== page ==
NEW YORK, Thu Jun 7, 2012 – The hard core of Morgan Stanley’s commodities trading empire, once the mightiest on Wall Street famed for its powerful union of paper and physical deals, is shrinking.
Even as the bank is reported to be considering selling a stake in its billion-dollar commodities unit, its physical trading activity in key U.S. markets is contracting in the face of abruptly changing market dynamics as well as diminishing risk appetite due to growing regulations and capital constraints.
In the power markets, it is trading only one-fifth as much electricity as five years ago. In oil, its imports to the United States fell last year to the lowest since 2004, while exports remain negligible. It barely makes the top 100 list of U.S. natural gas traders, with activity slipping from 2010.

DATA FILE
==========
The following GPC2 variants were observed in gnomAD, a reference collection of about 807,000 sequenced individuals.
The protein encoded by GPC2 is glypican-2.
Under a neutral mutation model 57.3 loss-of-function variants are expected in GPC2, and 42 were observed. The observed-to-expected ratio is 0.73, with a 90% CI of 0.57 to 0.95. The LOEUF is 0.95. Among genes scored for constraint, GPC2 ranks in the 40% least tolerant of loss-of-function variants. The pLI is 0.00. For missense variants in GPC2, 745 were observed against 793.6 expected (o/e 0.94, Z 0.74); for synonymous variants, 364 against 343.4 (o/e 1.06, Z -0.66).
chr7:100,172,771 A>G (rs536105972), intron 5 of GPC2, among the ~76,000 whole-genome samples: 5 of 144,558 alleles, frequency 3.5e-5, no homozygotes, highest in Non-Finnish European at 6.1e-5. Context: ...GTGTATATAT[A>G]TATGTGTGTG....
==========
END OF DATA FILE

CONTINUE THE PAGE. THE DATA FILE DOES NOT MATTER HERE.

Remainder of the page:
Even the bank’s prized subsidiary TransMontaigne, a Denver-based refined petroleum products supply and distribution company it bought for $630 million six years ago, hasn’t helped it cash in on the boom in domestic U.S. crude oil trading this year. Its 2011 revenues were $152 million, up just 16 percent from 2007.
The data, based on government figures, port intelligence, securities filings and market sources, casts in sharp relief a trend that commodity traders say has been apparent for some time: Morgan Stanley is losing its edge in the opaque, over-the-counter cash commodity markets it once ruled.